Never heard of DMAA? Well, it’s the substance that Jamaican sprinter Nesta Carter has tested positive for – a result that has cost Usain Bolt his 4x100m gold medal from the Beijing Olympics in 2008, and spoiled his triple-triple of golds.
Now the Medicines and Healthcare Products Regulatory Agency (MHRA) has launched a Week of Action to raise awareness of the potential health risks associated with DMAA, which is found in some unlicensed medicines and sports supplements.
The dangers of DMAA can extend well beyond Olympians losing medals. The MHRA warns that it has been linked with high blood pressure, tightening in the chest, strokes, heart attacks and even death.
In 2012, Claire Squires, 30, suffered a fatal heart attack a mile from the finish line of the London Marathon. She had used a powder called Jack3D, which contained DMAA as the active ingredient, for a boost to help her finish the race. The coroner ruled that DMAA was a contributory factor to her death.
Despite these risks, the MHRA says that DMAA is still found in a significant number of products that remain on sale in the UK. That’s why it is keen to make all athletes aware of the dangers, and to encourage them to check any products they use for this potentially harmful ingredient.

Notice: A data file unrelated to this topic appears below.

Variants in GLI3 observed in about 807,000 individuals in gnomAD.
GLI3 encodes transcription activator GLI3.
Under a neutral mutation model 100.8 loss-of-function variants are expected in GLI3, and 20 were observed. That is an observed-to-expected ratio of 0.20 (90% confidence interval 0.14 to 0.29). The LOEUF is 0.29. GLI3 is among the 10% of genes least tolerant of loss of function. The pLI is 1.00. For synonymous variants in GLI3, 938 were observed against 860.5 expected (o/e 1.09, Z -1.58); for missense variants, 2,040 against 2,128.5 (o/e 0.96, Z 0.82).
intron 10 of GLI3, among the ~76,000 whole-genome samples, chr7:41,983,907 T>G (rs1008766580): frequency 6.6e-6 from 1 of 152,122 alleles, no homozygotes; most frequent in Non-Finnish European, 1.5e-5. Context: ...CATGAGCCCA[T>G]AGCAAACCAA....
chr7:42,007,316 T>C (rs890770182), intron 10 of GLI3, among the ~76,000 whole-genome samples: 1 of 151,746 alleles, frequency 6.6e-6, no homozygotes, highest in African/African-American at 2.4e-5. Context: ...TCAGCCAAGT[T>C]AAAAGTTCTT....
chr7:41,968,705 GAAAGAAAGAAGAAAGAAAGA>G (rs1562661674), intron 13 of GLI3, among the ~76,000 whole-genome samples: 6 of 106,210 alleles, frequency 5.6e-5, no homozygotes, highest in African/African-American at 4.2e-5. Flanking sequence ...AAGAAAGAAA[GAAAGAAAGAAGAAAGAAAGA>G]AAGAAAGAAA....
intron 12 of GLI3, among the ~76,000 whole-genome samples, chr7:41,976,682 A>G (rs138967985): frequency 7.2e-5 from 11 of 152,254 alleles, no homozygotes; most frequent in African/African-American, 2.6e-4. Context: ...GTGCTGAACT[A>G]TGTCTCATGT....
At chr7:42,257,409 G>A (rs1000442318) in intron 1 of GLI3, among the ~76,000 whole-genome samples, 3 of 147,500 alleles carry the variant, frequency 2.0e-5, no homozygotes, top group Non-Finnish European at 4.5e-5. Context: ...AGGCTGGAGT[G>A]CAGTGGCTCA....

It’s tricky to keep track of DMAA, partly because it has a variety of names, including geranium extract, geranamine, and methylhexanamine. The first step is to check the Global Drug Reference Online list for the alternative names for DMAA.
If you suspect a supplement does contain DMAA, you should email [email protected] with the details.
Dr Chris Jones, manager of the MHRA’s Medicines Borderline Section, says,
“We first removed these products from sale in 2012, and will protect public health by continuing to do so.
“Although the sale of DMAA products has dropped since 2012, any companies selling this unlicensed medicine is one company too many.”
The Week of Action runs from 30th January to 5th February, and is part of the FakeMeds campaign that aims to highlight the risks of buying unlicensed medicines online. Visit www.gov.uk/fakemeds for more information.